Golf now is a multi-billion dollar industry globally. Since the 15th century, the alpha of golf, we have witnessed the change of equipment, change of techniques of a golf swing, change of pace with electrical golf carts and et cetera. An average joe golfer would probably like to keep up with the technology of golf equipment. This ‘joe’ believes in investing in new equipment does make the sport golf easier, more in control, drive longer than your buddies, have more hole-out birdies and eagles. Some say golf is a stupid, utterly boring, impatient, temperamental, couth and a rich gentlemen’s sport. That is viewed from an emotional perspective and being human. Technology advances are always leading forward. So maybe we should try to keep up with the trend and new equipment? “Speed has never killed anyone. Suddenly becoming stationary, that's what gets you.” – Jeremy Clarkson quoted.



Back to my topic, technology plays a significant role in golf. Through its evolution to the modern sport, science has proven with rapid ascend of technology anything can be made better and improved. This is the next level of golf. Golfers that are machine-like swing almost exactly alike with each other are only using different equipment. Golf club manufacturers have spent millions of dollars into R & D of the equipment to improve and enhance our ability, skill and experience of the entire game. Technology in our clubs has helped us to enjoy golf even better. It allows us to be creative with your number of strokes or type of shots upon reaching the green. May it be not in regulation, but we all could be awed by a save from under a tree branch which came up brilliantly, slicing the ball around the tree trunk, barely grazing the bark and whizzed towards the flag, landing softly on the front of the green and witnessing the ball rolling to mere foot or two from the flagstick. A one in a million shot, that may not be replicated the second time. Looking on the faces of your flight mates with their gasping jaw is the best reward followed by applause after. You know when you can pull off such a show when you have the best equipment with a certain level of skill. Remember earlier, 60-90% of our golfing abilities come from the technology behind the golf club.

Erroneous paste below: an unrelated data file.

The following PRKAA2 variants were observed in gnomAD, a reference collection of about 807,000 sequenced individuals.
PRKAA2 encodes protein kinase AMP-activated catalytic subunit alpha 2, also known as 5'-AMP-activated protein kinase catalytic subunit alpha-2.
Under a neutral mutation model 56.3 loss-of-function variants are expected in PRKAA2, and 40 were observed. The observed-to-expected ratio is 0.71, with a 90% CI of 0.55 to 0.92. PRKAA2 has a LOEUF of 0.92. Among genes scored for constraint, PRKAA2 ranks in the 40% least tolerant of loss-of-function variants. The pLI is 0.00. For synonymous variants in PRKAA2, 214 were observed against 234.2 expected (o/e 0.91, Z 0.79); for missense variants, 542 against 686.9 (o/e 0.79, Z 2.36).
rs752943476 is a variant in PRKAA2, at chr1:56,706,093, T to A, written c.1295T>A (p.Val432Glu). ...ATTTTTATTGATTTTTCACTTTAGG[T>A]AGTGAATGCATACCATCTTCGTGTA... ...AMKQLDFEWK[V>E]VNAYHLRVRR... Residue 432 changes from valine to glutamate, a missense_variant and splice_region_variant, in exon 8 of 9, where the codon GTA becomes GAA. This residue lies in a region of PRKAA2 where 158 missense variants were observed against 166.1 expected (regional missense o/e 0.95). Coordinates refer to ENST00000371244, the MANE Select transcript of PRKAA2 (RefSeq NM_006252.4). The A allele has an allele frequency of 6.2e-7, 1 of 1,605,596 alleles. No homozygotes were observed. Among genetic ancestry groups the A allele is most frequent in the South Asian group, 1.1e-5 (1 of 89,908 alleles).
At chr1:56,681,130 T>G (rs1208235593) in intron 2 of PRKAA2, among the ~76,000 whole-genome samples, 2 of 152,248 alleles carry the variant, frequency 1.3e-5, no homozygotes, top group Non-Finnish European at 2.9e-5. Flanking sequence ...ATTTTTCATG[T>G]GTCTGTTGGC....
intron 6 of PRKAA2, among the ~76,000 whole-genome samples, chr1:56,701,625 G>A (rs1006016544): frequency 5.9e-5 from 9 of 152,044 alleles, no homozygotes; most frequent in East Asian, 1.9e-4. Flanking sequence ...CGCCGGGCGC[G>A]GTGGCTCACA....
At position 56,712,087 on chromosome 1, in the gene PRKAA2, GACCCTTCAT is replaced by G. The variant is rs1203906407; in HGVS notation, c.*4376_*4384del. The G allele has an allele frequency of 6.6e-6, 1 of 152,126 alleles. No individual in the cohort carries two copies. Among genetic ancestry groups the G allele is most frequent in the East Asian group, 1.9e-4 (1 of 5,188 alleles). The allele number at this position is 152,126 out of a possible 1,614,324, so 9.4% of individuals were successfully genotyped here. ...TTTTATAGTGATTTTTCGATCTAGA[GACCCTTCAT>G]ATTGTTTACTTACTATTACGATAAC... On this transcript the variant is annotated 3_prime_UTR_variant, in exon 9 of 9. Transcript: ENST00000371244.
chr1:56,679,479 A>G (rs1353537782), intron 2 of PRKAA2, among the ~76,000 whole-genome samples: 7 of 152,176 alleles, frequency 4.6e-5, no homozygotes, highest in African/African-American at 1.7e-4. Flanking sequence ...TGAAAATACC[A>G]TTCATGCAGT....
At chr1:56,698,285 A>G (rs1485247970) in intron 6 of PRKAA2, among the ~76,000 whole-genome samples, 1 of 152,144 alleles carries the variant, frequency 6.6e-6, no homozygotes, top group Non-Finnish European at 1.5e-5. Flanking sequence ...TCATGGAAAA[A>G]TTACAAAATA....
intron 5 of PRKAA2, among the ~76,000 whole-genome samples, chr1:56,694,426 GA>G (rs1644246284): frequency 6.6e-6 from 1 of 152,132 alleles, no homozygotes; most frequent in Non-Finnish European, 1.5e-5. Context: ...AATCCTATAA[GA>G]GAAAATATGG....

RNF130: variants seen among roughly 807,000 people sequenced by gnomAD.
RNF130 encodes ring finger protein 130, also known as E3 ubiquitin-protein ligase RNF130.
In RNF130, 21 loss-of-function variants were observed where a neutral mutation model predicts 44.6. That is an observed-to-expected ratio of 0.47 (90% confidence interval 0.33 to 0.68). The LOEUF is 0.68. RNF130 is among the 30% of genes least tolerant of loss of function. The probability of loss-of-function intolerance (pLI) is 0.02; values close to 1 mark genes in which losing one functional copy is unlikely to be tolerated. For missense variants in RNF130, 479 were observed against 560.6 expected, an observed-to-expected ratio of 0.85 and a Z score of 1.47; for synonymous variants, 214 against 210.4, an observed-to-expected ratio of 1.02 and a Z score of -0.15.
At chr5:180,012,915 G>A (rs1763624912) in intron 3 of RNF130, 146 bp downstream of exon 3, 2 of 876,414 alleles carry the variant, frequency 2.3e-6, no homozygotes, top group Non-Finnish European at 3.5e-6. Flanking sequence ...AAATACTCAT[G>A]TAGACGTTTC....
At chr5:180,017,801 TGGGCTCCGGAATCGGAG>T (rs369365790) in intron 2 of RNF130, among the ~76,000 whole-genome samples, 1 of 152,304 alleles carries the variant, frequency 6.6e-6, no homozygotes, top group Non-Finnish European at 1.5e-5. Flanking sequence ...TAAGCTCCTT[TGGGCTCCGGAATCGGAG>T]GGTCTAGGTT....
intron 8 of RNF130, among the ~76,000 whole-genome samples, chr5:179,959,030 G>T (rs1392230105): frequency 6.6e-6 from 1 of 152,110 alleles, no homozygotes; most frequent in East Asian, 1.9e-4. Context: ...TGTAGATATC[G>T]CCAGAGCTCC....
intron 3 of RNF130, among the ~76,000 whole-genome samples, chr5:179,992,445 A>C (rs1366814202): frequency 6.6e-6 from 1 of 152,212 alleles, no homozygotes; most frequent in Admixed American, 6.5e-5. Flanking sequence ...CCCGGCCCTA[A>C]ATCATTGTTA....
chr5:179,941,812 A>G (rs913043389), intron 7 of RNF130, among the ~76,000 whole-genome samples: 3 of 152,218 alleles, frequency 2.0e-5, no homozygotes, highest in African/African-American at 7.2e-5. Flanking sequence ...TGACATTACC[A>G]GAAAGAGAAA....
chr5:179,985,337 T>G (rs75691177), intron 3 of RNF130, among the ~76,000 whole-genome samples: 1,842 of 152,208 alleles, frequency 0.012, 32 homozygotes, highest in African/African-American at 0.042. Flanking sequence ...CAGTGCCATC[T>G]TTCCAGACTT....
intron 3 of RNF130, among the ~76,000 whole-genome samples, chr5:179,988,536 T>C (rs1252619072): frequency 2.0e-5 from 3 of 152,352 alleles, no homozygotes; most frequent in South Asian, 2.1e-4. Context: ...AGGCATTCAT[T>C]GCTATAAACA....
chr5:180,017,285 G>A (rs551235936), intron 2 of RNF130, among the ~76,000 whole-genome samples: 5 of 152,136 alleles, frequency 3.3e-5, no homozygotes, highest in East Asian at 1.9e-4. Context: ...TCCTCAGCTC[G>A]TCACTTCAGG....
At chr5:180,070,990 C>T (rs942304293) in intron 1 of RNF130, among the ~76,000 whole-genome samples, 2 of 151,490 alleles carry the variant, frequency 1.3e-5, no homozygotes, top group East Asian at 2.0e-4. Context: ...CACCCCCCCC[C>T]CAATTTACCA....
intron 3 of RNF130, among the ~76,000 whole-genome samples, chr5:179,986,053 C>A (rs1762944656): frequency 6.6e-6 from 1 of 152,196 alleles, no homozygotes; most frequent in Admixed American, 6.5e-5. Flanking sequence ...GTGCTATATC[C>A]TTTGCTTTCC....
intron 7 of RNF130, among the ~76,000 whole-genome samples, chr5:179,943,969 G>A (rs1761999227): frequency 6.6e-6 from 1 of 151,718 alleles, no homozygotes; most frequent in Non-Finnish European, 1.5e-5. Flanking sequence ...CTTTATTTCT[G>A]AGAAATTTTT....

~~~~~END~~~~~
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Aaron